Owners are in New York for their quarterly owners meetings this week. That makes them very available for reporters, who seem to have taken advantage of the accessibility by either calling them out this week, or just asking them what the heck they were thinking…
Amando Salguero takes the opportunity to tell the commissioner about the damage Marlins owner Jeffrey Loria is doing, not just to the Marlins franchise but to baseball in general. The Marlins haven’t just turned off fans to their franchise, but they have made it very possible to ignore baseball wherever it is being played. Unless they are really solid baseball fans, people won’t turn away from their local franchise towards another. They just will stop watching, and caring about baseball. And while Salguero makes a great point about how that affects young people as future fans, he misses the point that it also hurts those young athletes who might turn away from playing baseball because of a disdain for the local team. South Florida makes a lot of future baseball players- if they learn to distrust MLB at an early age, why would they continue to play.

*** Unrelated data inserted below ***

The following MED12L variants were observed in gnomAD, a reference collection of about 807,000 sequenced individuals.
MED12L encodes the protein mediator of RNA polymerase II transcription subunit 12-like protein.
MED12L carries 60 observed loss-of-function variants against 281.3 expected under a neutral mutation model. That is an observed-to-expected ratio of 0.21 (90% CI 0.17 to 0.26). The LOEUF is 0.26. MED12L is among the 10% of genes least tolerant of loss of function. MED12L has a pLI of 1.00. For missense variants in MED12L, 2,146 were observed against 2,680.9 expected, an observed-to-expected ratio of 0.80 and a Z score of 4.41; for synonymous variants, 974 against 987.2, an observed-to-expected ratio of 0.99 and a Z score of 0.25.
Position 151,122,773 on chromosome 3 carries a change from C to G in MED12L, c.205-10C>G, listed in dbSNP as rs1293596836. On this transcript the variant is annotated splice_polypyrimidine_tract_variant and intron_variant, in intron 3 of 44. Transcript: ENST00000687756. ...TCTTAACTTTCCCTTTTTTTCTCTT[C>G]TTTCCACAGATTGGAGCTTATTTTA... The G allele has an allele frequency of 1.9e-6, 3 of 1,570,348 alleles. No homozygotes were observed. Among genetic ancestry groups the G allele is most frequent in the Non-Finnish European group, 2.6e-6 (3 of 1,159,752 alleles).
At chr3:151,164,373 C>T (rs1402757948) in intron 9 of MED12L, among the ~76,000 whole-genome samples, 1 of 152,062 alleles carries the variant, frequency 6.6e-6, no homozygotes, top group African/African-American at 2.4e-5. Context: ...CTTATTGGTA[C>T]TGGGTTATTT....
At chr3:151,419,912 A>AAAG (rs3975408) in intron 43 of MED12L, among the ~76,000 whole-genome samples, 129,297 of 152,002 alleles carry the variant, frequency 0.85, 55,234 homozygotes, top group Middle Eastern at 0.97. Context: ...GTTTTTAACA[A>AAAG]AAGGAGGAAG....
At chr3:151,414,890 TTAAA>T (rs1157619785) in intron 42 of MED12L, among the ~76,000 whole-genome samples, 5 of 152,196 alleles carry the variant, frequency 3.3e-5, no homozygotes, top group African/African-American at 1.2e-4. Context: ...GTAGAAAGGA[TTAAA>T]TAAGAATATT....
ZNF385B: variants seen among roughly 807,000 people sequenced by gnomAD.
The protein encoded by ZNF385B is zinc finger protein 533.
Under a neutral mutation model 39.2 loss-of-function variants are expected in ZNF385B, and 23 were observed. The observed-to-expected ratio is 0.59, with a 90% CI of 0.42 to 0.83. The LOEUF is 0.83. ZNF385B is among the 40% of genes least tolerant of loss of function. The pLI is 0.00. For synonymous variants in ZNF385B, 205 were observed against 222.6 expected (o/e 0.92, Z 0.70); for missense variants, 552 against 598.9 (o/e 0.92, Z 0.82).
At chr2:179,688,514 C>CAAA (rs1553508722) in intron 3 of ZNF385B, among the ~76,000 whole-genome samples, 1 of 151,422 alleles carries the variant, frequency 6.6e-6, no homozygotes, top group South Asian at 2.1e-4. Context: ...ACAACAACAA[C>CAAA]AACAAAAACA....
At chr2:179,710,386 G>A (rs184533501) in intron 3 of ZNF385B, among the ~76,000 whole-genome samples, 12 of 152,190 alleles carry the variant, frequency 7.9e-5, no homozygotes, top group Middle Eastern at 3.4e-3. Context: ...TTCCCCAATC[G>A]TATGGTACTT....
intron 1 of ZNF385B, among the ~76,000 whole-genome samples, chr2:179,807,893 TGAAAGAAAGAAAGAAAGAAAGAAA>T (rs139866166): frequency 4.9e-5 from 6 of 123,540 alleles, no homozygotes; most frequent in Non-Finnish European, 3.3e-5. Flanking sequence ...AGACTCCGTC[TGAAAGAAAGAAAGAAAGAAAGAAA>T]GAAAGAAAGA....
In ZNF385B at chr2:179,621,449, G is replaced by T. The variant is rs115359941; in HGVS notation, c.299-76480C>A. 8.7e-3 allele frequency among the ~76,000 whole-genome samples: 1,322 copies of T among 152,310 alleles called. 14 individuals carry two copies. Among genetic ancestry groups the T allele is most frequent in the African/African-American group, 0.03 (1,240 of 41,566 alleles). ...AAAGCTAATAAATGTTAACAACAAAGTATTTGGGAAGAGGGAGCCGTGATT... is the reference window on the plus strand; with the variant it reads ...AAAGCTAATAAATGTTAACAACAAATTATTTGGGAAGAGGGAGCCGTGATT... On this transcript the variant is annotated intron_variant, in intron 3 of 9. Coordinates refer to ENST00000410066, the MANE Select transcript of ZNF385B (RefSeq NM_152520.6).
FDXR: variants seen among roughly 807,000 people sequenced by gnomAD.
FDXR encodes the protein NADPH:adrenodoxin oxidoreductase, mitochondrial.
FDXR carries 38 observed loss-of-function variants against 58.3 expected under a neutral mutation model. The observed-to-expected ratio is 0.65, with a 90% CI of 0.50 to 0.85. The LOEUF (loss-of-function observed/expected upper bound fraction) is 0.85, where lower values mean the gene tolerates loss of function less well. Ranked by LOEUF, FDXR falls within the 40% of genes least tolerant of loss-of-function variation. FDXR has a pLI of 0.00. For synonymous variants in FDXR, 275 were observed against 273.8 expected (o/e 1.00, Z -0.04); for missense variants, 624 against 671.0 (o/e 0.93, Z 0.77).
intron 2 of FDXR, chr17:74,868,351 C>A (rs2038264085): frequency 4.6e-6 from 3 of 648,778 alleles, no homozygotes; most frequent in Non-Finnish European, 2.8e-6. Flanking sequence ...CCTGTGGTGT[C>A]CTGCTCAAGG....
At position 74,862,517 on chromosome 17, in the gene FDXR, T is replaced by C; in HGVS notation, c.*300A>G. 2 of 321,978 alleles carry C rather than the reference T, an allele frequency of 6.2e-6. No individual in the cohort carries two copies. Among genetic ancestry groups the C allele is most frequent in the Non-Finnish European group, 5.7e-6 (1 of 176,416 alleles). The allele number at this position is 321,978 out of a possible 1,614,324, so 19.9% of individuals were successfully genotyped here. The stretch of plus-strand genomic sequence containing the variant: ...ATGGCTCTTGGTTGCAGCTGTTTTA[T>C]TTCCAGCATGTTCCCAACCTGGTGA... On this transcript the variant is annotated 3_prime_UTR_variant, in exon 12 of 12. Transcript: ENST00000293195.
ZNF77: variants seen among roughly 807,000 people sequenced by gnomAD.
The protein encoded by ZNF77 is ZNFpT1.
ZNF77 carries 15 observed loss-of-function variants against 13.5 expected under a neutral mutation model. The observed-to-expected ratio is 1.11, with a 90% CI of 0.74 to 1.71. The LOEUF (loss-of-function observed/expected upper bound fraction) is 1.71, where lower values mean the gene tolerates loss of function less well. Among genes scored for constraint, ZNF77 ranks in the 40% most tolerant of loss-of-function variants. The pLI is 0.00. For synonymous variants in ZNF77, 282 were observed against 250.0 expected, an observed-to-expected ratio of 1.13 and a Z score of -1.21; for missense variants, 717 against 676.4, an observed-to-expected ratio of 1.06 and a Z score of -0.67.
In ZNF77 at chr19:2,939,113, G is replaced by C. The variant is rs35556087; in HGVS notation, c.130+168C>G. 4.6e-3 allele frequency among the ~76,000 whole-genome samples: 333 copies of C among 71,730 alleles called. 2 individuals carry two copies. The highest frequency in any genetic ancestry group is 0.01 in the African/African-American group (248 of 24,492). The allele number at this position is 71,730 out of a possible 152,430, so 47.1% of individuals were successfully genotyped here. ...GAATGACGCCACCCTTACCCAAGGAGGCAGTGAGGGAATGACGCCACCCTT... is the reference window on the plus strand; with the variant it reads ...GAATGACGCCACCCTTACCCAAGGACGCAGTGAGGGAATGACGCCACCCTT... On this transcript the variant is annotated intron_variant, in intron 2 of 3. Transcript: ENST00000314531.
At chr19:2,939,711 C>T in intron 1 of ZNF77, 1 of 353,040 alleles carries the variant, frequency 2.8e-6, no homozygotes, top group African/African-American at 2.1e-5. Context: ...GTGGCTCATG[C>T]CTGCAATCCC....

Arte Moreno, owner of the Angels, is taking responsibility for all decisions that have been made for the team, and tells Jon Paul Morosi that his manager Mike Scioscia is not responsible for those hitters that aren’t hitting. Moreno has some good reasons for holding onto his manager, as Morosi shares, but the piece also shows that Moreno has realistic expectations for the Angels- and while he would like them to make the playoffs every year, he seems happy as long as the team is moving in the right direction. That being said, is the team moving in the right direction?
Lastly, the Blue Jays who were expected to be contenders are terrible, giving up more runs than any team other than Houston, and the second highest ERA in MLB. Beeston wants to believe that his high payroll team can turn it around, with some health issues getting resolved, and some players starting to warm up. And while there is a lot of baseball yet to be played, Beeston needs to look at the other teams in his division, especially the Yankees who should have been easy to beat up on and are now in first, with their big guns ready to return from the DL. More details in this Chris Toman piece.